Yet another acceptable means for preventing sympathetic ignition would be to provide a plurality of opaque shielding members attached to the front surface 34 of base 31 and located between adjacent lamps. Such materials could be comprised of plastic (e.g., polystyrene) covered with a suitable coating of the described material.
To enhance emission of the radiant energy provided by each of the lamps 21, it is preferred to provide a coating of reflective material (e.g., white paint) on the portions of the forward surface 34 of base 31 not containing the described apertures 53. Such a coating is illustrated in FIG. 5 by the numeral 77. It is also within the scope of the invention to provide individual reflective components (e.g., formed plastic members coated with a suitable reflective coating such as aluminum) within housing 23 and adjacent each respective lamp 21. Such reflective members would necessarily include apertures therein to permit passage of energy from each lamp to the respective disconnect switches 51. It is even further within the scope of the invention to include within base 31 a white or similar pigment material (e.g., titanium dioxide) to provide this feature.
In the embodiment depicted in FIG. 7, the unit's light-transmitting cover means 33' is illustrated as substantially encapsulating the respective flash lamps 21 located within the two-piece housing 23. Cover means 33' is preferably comprised of one of the afore mentioned insulative materials and may be molded about each lamp when completing final assembly of unit 10. It is also within the scope of the invention to provide suitable recesses within the substantially solid cover 33' and position the respective flash lamps 21 therein such that the lamps projecting lead-in wires 41 will extend above the surface of the cover the necessary distance. Should a totally encapsulating material be utilized for light-transmitting cover 33', it is preferred that the cover have an overall depth or thickness substantially similar to that of the covers 33 as described above.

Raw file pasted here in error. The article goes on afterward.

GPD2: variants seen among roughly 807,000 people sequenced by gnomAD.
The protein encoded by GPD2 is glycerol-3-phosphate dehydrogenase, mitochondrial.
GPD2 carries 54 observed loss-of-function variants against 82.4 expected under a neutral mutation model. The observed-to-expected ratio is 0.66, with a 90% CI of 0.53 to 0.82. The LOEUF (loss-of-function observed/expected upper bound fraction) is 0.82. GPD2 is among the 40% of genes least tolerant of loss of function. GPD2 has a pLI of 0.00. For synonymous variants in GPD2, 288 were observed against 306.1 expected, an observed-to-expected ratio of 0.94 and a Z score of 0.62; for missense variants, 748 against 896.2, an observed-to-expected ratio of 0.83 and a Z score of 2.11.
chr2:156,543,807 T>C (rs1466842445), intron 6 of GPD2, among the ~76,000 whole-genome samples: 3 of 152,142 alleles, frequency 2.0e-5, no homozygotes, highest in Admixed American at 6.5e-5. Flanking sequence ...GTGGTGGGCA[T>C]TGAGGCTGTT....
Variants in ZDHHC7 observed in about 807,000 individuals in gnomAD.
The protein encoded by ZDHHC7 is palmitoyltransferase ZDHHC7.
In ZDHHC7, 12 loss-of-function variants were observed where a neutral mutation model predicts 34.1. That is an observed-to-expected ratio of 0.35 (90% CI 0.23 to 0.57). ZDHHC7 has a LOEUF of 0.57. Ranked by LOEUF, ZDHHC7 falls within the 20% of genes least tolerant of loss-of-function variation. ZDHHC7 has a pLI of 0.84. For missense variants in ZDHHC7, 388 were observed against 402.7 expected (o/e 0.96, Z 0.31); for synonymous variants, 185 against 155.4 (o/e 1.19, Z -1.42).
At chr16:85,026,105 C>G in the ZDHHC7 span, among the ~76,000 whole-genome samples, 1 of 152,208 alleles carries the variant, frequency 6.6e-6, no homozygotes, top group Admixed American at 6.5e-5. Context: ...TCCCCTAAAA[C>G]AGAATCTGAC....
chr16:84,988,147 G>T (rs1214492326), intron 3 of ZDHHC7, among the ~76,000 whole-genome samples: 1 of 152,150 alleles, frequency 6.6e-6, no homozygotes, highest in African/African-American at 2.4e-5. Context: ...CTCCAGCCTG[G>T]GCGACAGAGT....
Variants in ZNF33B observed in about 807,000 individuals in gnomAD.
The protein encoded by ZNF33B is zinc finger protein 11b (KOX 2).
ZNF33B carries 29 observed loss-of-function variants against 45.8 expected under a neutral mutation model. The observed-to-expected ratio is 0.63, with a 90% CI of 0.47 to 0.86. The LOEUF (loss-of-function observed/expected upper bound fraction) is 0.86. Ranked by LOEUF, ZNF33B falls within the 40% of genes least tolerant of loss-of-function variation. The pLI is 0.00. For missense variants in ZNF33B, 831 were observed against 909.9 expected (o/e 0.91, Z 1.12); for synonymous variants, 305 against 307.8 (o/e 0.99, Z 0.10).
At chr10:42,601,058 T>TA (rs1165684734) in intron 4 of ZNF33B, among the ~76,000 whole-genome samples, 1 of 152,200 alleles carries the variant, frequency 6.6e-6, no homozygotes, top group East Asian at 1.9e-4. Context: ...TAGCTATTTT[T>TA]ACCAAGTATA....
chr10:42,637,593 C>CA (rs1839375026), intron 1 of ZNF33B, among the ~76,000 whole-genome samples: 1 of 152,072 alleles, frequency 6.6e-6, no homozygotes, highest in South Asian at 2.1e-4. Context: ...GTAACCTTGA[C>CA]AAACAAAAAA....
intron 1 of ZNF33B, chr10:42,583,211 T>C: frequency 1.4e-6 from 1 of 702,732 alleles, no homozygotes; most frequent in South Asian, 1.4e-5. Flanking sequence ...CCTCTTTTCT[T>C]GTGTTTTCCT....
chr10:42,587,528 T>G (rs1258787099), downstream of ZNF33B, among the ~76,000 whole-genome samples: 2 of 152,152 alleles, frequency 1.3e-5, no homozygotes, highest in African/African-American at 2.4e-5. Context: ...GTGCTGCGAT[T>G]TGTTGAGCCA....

While there have been shown and described what are at present considered the preferred embodiments of the invention, it will be obvious to those skilled in the art that various changes and modifications may be made therein without departing from the scope of the invention as defined by the appended claims.
|Cited Patent||Filing date||Publication date||Applicant||Title|
|US3430545 *||Nov 8, 1966||Mar 4, 1969||Agfa Gevaert Ag||Photographic camera with flash unit|